WordPress for Toastmasters takes advantage of the standard WordPress user security levels, with a few tweaks. The creator of a club website becomes its Administrator, with broad powers over the design and content of the site, and new members are typically granted Subscriber-level accounts, which allow them to sign up for meeting roles and edit their own profiles.
This post focuses on the levels in-between, order of increasing responsibility and capability for adding and editing website content. Club webmasters may want to consider granting elevated access to club members, particularly given that Pathways includes both projects for blogging and podcasting. You can make the club website available as a platform for them to create and promote their content, and potentially get some public relations / social media marketing value for your club in the prospect. I’m doing something similar as this year’s webmaster for Toastmasters District 47, where I’m inviting participation from active members of the district.
For the Pathways blogging project, I suggest encouraging members to create a few posts relevant to the mission of Toastmasters and your club (or area or division) or showcasing what we learn in Toastmasters by example. If you video record speeches, a member might build a blog around a speech the were particularly proud of — with the video and maybe a few stills from the speech embedded in the body of the post, plus some commentary on where the idea came from, how they practiced, and so on. PowerPoint slides and other resources can be made available for download.
Contest speech videos are a potential goldmine for showcasing Toastmasters talent and dramatizing what we learn in the program.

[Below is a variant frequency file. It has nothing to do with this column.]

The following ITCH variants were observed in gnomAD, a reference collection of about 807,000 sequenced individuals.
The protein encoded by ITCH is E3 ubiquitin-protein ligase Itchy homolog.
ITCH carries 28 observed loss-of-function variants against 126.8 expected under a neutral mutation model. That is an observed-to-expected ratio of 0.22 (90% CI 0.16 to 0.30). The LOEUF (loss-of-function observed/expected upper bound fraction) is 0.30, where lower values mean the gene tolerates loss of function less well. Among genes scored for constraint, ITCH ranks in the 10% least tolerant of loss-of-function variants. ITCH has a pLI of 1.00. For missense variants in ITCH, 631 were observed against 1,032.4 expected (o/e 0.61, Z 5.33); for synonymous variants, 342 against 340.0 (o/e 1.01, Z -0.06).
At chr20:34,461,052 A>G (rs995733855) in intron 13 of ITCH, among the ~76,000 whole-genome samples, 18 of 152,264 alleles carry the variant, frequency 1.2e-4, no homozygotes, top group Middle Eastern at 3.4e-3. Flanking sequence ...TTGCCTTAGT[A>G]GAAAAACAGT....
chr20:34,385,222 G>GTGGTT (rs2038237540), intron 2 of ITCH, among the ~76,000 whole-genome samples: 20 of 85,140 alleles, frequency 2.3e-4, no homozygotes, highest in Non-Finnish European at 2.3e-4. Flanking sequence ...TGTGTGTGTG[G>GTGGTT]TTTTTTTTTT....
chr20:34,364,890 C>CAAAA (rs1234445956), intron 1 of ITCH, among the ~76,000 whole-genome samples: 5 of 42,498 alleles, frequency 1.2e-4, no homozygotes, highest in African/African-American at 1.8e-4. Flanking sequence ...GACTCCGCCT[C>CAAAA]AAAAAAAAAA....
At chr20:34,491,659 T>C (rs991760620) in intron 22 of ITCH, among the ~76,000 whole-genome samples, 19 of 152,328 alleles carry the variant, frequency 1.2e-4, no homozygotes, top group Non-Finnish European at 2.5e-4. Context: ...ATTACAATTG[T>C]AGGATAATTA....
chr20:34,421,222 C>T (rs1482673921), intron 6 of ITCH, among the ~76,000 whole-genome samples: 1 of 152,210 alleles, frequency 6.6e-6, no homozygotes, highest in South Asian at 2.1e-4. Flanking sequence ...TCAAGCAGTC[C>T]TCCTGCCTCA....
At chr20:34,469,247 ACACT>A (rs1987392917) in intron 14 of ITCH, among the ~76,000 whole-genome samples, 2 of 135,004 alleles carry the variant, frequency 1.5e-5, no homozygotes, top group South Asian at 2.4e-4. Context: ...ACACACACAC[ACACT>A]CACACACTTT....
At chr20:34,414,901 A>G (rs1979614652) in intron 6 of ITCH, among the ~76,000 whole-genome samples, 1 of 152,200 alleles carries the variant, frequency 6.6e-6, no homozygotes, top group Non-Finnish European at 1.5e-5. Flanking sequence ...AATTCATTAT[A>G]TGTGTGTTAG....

My recommendation is that members be offered the opportunity to create blog posts on the club website but shouldn’t feel obligated to do so. The Pathways blogging project asks that they create 8 posts and then give a speech about what they learned in the process. My advice would be to do a couple of Toastmasters-appropriate posts to the club website, and a few others to a personal blog (a free account on WordPress.com or Blogger/Blogspot) or a professional forum (for example, with the LinkedIn blog/article tool). Many small businesses (and some larger ones) run their websites on WordPress, so blogging to promote the business could be productive as a way of attracting people to your business website.
I have much more to say about what to post and why, but first let me get back to my topic of security and access levels. In general, it’s good advice not to give users more privileges than they require to do their work. And the more access you grant, the more important it is to drive home the message about being careful with passwords and web security because a hacked account could do more damage.
The next step up from Subscriber is …
Contributor: An Author on Training Wheels
A Contributor can:
- Create blog posts but not publish them. They must first be approved by someone with editing rights.
- Preview posts as they will appear, once approved.
Some users may chafe at being asked to start off “on training wheels,” but on the other hand I find it’s common for Toastmasters to want to have some coaching and feedback before they publish their first post.